Making up For Lost Training Time
The 2014 racing season has started. However, some athletes may be behind in training and the thought of a race makes you shake your head and think, “There is no way I am ready to race right now.” I’ve heard that before and there are plenty of legitimate reasons for being in this situation. The question is what can you do now to get in shape quickly but safely.
What to do Now
There are many things an athlete can do (and not do) to come from behind in the game of race preparation. This is a place where the uneducated and ego-driven athletes get discouraged, while the smarter, more self-confident ones come from nowhere to have a great year. I often tell my athletes, “Worry about the things you can control. Not the stuff you can’t”. I believe that there are three areas of your preparation you can control and utilize to be at your best in no time.
Your intensity during a workout is something you can control 100% of the time. You have 20 gears gears on your bike so use them. You can walk during your runs. Don’t worry about your power or pace and simply relax. This is where you need to take a very objective and honest look at yourself. A favorite saying of mine is, “You must race with what you have right now, at this moment, not what you had last week, not what you had last year, not what you want to have.” The same thing goes with training.
This is also the time to go by feel and heart rate. This initial phase of training should be focused on repetition and re-training the neurological system to do your sport of choice. The more pedal strokes you get in the better at this point. One way we can get in lots of volume is to back off on the intensity. This is the basis of long slow distance (LSD) training.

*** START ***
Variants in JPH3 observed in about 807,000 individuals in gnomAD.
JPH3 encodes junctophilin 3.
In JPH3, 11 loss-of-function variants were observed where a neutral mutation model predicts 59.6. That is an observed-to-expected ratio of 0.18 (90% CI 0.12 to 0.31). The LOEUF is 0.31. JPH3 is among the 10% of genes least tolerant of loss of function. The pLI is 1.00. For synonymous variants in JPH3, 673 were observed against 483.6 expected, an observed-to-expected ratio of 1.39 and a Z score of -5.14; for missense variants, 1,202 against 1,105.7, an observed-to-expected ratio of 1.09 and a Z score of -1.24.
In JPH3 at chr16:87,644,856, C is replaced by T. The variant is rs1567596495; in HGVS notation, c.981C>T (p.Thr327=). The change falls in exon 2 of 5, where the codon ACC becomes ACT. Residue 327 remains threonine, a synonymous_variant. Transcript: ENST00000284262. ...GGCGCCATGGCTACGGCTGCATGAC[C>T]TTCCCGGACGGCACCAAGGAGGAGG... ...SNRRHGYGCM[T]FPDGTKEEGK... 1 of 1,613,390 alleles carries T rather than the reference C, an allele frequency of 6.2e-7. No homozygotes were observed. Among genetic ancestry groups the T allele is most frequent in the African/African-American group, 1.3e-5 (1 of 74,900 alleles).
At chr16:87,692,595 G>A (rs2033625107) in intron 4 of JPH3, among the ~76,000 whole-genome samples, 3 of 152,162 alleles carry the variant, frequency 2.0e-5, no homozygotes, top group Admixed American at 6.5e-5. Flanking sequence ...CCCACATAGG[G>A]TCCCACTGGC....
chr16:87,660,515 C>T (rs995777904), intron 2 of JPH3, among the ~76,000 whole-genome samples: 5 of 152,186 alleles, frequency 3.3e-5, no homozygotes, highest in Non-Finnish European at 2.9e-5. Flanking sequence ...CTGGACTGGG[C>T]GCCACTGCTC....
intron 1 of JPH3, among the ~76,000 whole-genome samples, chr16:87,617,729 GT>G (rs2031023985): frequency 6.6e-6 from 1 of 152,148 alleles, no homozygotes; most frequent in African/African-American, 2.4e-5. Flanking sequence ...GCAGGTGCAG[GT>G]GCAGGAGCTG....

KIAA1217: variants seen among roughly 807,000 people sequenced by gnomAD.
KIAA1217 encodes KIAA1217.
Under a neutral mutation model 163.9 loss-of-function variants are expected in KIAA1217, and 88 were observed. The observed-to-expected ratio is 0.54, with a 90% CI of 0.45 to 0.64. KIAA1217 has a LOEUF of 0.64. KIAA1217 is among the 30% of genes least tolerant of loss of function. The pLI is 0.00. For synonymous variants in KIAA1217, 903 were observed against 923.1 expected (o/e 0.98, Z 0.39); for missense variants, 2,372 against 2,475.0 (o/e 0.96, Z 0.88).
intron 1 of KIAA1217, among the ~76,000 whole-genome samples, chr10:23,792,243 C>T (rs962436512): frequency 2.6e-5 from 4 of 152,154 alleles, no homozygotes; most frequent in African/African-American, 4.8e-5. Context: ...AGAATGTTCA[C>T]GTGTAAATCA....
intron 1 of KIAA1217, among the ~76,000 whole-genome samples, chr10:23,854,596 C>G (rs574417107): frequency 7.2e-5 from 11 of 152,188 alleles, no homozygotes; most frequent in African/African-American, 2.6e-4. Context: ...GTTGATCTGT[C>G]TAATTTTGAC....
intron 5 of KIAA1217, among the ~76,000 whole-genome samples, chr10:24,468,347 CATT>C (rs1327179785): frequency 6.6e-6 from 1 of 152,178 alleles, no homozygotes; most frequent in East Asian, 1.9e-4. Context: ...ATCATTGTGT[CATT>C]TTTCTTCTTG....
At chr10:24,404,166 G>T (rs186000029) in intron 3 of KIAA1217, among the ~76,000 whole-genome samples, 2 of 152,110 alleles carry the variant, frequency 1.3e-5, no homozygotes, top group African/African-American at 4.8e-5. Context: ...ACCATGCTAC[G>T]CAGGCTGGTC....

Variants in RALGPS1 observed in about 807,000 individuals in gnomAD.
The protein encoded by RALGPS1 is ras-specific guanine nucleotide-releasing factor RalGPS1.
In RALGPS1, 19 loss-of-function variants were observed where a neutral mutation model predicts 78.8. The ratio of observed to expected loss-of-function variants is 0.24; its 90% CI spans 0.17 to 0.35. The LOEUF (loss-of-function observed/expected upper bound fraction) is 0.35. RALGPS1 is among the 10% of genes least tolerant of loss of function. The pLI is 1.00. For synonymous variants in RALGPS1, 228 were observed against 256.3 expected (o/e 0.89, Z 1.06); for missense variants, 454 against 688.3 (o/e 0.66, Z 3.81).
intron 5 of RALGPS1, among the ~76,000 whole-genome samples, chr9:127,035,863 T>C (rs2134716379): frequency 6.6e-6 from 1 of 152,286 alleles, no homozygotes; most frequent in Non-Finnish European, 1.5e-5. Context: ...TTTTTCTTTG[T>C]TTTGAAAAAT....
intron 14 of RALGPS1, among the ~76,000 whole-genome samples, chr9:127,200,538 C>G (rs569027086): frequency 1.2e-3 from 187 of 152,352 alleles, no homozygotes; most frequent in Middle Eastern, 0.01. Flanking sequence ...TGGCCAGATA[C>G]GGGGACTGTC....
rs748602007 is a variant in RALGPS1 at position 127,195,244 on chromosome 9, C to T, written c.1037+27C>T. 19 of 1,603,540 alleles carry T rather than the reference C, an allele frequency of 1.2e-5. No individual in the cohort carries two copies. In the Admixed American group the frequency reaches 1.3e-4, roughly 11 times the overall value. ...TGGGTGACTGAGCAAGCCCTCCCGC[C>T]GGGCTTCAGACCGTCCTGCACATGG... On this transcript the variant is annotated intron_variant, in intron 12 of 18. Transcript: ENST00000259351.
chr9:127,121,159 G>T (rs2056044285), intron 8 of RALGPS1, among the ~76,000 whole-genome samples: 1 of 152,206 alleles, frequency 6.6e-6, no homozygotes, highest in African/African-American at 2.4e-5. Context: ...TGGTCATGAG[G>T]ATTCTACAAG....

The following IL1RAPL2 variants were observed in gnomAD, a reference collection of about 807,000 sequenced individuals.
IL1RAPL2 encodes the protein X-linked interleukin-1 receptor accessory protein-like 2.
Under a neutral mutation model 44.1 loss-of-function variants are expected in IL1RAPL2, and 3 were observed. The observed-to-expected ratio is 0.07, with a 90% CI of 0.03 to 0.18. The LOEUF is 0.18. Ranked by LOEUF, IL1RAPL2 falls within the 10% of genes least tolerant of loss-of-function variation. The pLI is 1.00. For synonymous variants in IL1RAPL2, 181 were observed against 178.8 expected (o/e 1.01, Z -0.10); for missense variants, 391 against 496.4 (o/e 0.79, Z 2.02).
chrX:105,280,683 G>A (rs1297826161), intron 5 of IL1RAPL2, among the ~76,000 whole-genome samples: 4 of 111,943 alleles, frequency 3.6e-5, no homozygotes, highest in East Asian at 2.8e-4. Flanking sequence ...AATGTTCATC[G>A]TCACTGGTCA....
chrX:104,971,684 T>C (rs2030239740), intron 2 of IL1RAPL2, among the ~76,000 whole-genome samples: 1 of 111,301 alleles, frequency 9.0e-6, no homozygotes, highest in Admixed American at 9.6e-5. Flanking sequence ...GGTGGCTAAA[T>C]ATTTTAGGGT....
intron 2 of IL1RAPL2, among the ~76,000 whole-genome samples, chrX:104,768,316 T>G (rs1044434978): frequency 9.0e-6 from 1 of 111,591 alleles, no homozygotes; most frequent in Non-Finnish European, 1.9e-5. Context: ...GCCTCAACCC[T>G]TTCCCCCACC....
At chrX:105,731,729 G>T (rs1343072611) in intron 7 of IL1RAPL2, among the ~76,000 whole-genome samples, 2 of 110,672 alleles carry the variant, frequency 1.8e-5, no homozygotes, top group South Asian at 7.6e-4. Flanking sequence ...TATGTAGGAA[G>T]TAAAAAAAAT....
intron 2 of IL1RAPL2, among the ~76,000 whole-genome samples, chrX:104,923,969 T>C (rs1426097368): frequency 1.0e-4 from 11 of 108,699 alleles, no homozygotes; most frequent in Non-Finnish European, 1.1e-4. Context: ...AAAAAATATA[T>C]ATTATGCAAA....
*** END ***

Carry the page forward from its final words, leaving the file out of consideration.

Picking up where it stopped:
For you wattage and numbers geeks, play around with Training Stress Score® (TSS®) and how you feel afterwards. All TSS is NOT created equal. Go for a long but easy ride over four hours that accumulates around 200 TSS points. Now compare that with how you feel after a race or long hard group ride that accumulates 200 TSS points in only three hours. You will notice a difference.
Simply put, back off and focus on form and efficiency. The power and speed will come back quickly but you must be patient.
Many athletes will wonder about getting back on the bike or run and putting some big mileage. Let me explain. First, you need to redefine big. I’m not suggesting you get back at the volume you had during the biggest weeks last year. I spoke with a triathlete a few weeks ago regarding getting back into running this summer after a winter of minimal running. I was overheard by two people. One of them heard me recommend the athlete run every day. The other heard to not run more than 30 minutes. They both heard correctly, just not the whole story. By keeping the duration shorter than normal (for you) we can reduce the amount of stress we put on the body, let it recover before we go out again, in 24 hours or so. We want to go just long enough to get an adaptation but not so long we overload the system risk getting injured or digging a hole with extreme fatigue.
Shorten your duration to something manageable given your current level of sport specific fitness. Forget where you were last year or where you want to be and be realistic about your fitness that day. Leave the ego at home and save it when you really need it.
By being very consistent with your training short workouts add up fast. If you ride 90 minutes a day for 6 days that’s 9 hours of riding! A 30 minute run doesn’t seem like much to an experienced runner or triathlete, but 6 days of that means 3 hours of running that week. Plus, having a full day off to recover nicely and start up again next week will keep you fresh enough to have another consist week.
As I have said many times, consistency is king. I focused on this idea in my last article here on TrainingPeaks and during my webinar on winter training. No matter what time of year it is, consistency is the key. So you crushed yourself on the Saturday group ride and think, “Oh man, I have a lot of work to do.” Yes, you do, but if you’re shattered from one workout you likely you won’t be doing any work tomorrow. That type of inconsistent training will not get you the results you want.
By controlling and lowering your intensity you can be more consistent with your training. This lets you get in that volume needed to rebuild a strong neurological system and the muscle memory to be back at your best without injury or other overtraining symptoms. If you feel a bit behind right now, take these simple steps to build your fitness and end up where you want to be.